Jon Beattie: User Testing Is Crucial

Chief Digital Officer @ Apolinar

by Elizabeth Lavis


06 Jun 2023

Gold Winner in UX, Interface & Navigation 2022
 “I feel like it’s helped me be better at having empathy, particularly when we have to put ourselves in the shoes of the end user and client.”

As Apolinar’s Chief Digital Officer, Jon Beattie’s primary focus is broadly steering project strategy and all its components, including Human Experience (HX), UI, and UX design, and ensuring the development teams are on point. “A very high-quality digital product will be a combination of these things with strategic and business considerations, human experience, user experience, and UI design, and of course, the software development includes a DevOps pipeline to get that digital product into the hands of users.” According to Beattie, Apolinar is “an organization dedicated to improving the human experience of technology.”

This human-centric approach allows Beattie and his team to focus on the end-user, sometimes speaking hard truths to clients looking for a design that doesn’t gel with their intended audiences. “We sometimes need to be reminded that the people who end up using the product are not necessarily the same people who are going to pay our invoices,” Beattie says. “We can pretty much design and build almost anything, but ultimately our job is to try to get the best results for the organization engaging us.” 


Through early prototyping and user testing, Beattie can spot potential issues well in advance and offer solutions and alternatives to his clients. “User testing is crucial,” he says. “Get your prototype in front of end users and get real-time feedback. Make your designers observe the user testing sessions and see how people are interacting with it.” Beattie notes that getting instant feedback can have significant positive results. “We might just need to make some minor changes based on user testing feedback, and it might only take five minutes, but it could have an enormous improvement in the overall experience.”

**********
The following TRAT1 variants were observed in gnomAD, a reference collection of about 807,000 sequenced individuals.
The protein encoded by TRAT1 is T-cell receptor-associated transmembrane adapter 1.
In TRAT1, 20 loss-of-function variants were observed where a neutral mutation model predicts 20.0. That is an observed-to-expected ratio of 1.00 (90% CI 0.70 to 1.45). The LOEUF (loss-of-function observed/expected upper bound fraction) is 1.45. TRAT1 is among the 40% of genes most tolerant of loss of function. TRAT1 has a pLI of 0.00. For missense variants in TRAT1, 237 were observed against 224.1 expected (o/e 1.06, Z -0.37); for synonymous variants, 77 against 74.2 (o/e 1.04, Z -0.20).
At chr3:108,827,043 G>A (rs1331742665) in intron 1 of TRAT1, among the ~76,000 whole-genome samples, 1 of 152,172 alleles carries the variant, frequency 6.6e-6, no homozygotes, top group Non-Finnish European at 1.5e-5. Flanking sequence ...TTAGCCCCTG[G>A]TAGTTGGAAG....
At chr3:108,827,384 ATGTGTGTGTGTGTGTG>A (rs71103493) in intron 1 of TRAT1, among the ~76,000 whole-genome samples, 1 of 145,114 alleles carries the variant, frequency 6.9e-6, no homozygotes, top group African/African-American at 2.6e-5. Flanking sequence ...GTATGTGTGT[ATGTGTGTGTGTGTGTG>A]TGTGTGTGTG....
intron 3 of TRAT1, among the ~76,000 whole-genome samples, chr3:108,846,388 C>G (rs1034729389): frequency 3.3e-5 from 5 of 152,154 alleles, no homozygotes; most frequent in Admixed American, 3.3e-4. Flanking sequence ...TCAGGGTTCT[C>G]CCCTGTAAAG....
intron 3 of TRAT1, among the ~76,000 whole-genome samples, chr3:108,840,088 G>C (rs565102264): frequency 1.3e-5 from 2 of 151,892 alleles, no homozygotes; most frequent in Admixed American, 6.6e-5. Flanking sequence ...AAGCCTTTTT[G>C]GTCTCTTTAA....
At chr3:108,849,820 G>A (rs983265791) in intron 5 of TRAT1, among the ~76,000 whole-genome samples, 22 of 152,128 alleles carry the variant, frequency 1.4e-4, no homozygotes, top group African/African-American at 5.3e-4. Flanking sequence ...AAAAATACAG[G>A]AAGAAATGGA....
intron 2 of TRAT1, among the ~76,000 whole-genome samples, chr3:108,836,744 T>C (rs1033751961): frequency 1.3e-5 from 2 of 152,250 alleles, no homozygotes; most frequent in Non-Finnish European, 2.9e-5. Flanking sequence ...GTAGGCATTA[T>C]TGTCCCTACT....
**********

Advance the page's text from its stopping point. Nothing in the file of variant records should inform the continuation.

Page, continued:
Getting user feedback also allows designers to think about projects in different ways. It’s also allowed Apolinar to avoid costly and time-sucking rounds of post-design changes. “At Apolinar, we have all but eliminated the fairly common but generally unhelpful feedback loop where a designer will do some work and present it to the client, who then nods enthusiastically, goes away and comes back with a list of 20 or 30 changes they want to make.”

Instead, Beattie employs a “co-design methodology,” where the client and design team go through a week-long immersive workshop focused on collaboration and meticulously addressing the client’s design. It’s known as the “Apolinar five-day co-design sprint,” with different days devoted to specific tasks, each driving the design forward. After devising their initial plan together, Beattie and his team start user testing. “Sometimes we will get really harsh feedback, but it’s actually from the end users,” he says. That feedback helps Beattie and his team change direction or make adjustments as needed, and the final product is both beautiful and functional. 

Beattie also studies psychology and understanding how humans tick allows him to grasp behavioral cues and across-the-board traits, making the designs more impactful overall. His time abroad as a child also plays a pivotal role in his keen understanding of human motivation. “I think that spending a big part of your childhood in countries where English is not the first language forces you to get better at listening and observing and to be able to understand what’s going on,” he says. “I feel like it’s helped me be better at having empathy, particularly when we have to put ourselves in the shoes of the end user and client.”

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